How to make the best black and white camera?3/21/2014 03:39:00 PM
I want to stipulate two things up front. First, I love black and white. No, it's more than that. I love black and white and — to be b...
I want to stipulate two things up front.
First, I love black and white. No, it's more than that. I love black and white and — to be brutally honest — I feel very uncomfortable with color.
And second, I'm an not now, nor have I ever been, an engineer.
With that out of the way, I want to think a bit about the best way to get black and white images from a digital camera.
|Colonnade at Balboa Park, San Diego. Not a lot lost in this black and white conversion, as the original scene wasn't very colorful. In any case, what I was most interested in was the composition and the tonalities.|
The idea of a black and white digital camera seems to come up fairly regularly. I remember reading a thread years ago on a Pentax forum from a photographer who thought that Pentax ought to come out with a black and white digital camera. More recently, somebody has suggested that Olympus do the same thing. Mike Johnston, a.k.a. The Online Photographer, reports this proposal, which was made on his blog's comment board.
As much as I love black and white images, in the past, I have always thought that this idea was crazy. It just seemed crazy to me to throw away the color info. When I do a black and white conversion, I often find myself wanting to change the tonality of a blue sky or a pair of blue jeans, or darken a red bloom on a flower, or lighten green grass. Since my raw files contain info about color, I can do these things.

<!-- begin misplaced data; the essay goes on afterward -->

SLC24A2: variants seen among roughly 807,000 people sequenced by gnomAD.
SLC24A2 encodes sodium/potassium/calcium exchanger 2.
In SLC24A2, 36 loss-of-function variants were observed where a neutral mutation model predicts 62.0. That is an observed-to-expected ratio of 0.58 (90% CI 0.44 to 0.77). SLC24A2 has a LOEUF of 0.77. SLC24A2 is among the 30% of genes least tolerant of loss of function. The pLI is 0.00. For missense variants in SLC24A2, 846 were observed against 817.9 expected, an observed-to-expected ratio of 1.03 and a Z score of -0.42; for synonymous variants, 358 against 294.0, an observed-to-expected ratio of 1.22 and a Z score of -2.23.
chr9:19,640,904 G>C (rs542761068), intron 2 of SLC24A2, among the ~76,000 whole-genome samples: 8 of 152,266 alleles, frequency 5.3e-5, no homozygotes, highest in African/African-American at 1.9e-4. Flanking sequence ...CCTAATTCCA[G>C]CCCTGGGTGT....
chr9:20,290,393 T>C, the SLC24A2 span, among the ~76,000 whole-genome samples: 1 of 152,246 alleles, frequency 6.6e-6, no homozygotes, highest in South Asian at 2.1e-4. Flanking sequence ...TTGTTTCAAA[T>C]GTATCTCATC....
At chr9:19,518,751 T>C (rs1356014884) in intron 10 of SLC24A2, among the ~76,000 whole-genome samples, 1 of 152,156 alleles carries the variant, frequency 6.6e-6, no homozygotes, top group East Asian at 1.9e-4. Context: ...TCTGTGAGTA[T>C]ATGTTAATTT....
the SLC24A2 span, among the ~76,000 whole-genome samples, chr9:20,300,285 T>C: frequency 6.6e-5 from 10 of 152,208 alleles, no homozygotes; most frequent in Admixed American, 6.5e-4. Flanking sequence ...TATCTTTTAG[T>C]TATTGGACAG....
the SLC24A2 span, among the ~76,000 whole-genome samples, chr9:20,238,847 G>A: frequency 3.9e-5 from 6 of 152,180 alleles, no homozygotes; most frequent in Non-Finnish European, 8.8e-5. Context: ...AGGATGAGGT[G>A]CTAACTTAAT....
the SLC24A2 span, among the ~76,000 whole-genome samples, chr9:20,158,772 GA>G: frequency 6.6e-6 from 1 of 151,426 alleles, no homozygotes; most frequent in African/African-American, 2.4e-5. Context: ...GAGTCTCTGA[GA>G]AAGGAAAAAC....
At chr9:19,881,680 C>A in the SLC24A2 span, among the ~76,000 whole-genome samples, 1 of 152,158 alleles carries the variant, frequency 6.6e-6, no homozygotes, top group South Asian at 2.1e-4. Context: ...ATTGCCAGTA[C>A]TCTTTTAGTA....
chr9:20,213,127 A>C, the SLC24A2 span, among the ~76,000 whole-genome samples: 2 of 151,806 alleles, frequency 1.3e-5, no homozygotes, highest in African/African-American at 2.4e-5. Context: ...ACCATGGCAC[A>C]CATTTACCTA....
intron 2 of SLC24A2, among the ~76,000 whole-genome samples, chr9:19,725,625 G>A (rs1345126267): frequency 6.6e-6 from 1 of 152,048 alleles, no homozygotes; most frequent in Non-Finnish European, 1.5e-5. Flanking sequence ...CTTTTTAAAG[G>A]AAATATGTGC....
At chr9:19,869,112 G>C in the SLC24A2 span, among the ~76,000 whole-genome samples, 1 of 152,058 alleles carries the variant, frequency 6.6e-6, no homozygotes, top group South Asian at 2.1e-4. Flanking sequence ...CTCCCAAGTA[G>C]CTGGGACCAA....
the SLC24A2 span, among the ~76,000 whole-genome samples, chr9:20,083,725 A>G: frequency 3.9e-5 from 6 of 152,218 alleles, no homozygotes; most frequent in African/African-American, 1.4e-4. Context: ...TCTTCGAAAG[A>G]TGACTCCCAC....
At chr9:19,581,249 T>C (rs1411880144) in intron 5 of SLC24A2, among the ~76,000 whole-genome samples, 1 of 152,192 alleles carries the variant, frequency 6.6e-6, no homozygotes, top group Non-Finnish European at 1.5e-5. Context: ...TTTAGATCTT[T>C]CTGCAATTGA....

But Ctein, technical editor for The Online Photographer, points out something important that I never thought of:
An anti-aliased Bayer array camera discards about three quarters of the light hitting each pixel and has about 60% of the resolution of a dedicated monochrome camera. In other words, the quality of detail you'd get out of a 12-megapixel monochrome camera is comparable to what you'd see in a 30-megapixel color camera. Plus, the bigger, more efficient pixels make a real difference in how clean the tonality is and how well-rendered subtle gradations are.That's pretty interesting.
And yet, I'd still hate to lose that color info. Back in olden days, when we shot black and white film either because we liked it or (my primary reason) because it was cheaper than color, we'd use color filters to skew the tonalities one way or another, when we wanted to. You could still do that, with a digital camera, of course, and perhaps that's the answer to my objection. But I'm pretty used to being able to look at the default rendering of my raw images to see what color something really is, and at the moment anyway I feel like I don't want to lose that ability.
A better answer, I suspect, is provided by the Foveon sensor used in Sigma cameras. As it happens, Mike Johnston has commented on that, too, recently ("The Sigma DP2 Merrill and B&W"). With the Foveon sensor, every sensel captures red, green and blue. With normal non-Foveon sensors like the ones in all the cameras I have used, each individual sensel captures only one color, and a "filter" (usually with a Bayer pattern) manages to make remarkably good sense of what is really only a sample of the colors that reach the sensor. Seems to me that the Foveon sensor should be God's gift to black and white photography.
Really wish I had about $8000 lying around, so I could buy the Leica full-frame, black and white camera. Some folks dream about fancy cars or sailboats; this is what I dream about it. Probably not going to happen. But perhaps in the next year I may be able to afford a Sigma DP2 Merrill, so I can give the Foveon sensor a try.